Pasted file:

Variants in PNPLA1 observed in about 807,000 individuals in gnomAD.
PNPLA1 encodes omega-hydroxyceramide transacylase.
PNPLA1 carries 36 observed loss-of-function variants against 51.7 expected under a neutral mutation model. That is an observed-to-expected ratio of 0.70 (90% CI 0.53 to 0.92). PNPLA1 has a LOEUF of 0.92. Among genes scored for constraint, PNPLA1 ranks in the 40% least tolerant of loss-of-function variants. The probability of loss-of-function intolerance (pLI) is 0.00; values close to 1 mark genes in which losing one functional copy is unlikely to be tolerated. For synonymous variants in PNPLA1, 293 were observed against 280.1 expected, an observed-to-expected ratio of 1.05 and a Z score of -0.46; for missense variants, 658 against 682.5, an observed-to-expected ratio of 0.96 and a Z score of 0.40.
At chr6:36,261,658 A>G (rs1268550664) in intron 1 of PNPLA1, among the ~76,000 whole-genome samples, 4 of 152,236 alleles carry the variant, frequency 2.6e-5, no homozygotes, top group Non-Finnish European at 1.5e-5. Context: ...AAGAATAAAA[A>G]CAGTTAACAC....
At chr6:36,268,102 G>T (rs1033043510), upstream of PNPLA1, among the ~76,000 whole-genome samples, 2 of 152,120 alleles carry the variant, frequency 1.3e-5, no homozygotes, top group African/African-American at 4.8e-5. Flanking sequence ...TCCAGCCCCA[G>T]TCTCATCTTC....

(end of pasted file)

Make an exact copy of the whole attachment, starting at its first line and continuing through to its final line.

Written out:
Variants in PNPLA1 observed in about 807,000 individuals in gnomAD.
PNPLA1 encodes omega-hydroxyceramide transacylase.
PNPLA1 carries 36 observed loss-of-function variants against 51.7 expected under a neutral mutation model. That is an observed-to-expected ratio of 0.70 (90% CI 0.53 to 0.92). PNPLA1 has a LOEUF of 0.92. Among genes scored for constraint, PNPLA1 ranks in the 40% least tolerant of loss-of-function variants. The probability of loss-of-function intolerance (pLI) is 0.00; values close to 1 mark genes in which losing one functional copy is unlikely to be tolerated. For synonymous variants in PNPLA1, 293 were observed against 280.1 expected, an observed-to-expected ratio of 1.05 and a Z score of -0.46; for missense variants, 658 against 682.5, an observed-to-expected ratio of 0.96 and a Z score of 0.40.
At chr6:36,261,658 A>G (rs1268550664) in intron 1 of PNPLA1, among the ~76,000 whole-genome samples, 4 of 152,236 alleles carry the variant, frequency 2.6e-5, no homozygotes, top group Non-Finnish European at 1.5e-5. Context: ...AAGAATAAAA[A>G]CAGTTAACAC....
At chr6:36,268,102 G>T (rs1033043510), upstream of PNPLA1, among the ~76,000 whole-genome samples, 2 of 152,120 alleles carry the variant, frequency 1.3e-5, no homozygotes, top group African/African-American at 4.8e-5. Flanking sequence ...TCCAGCCCCA[G>T]TCTCATCTTC....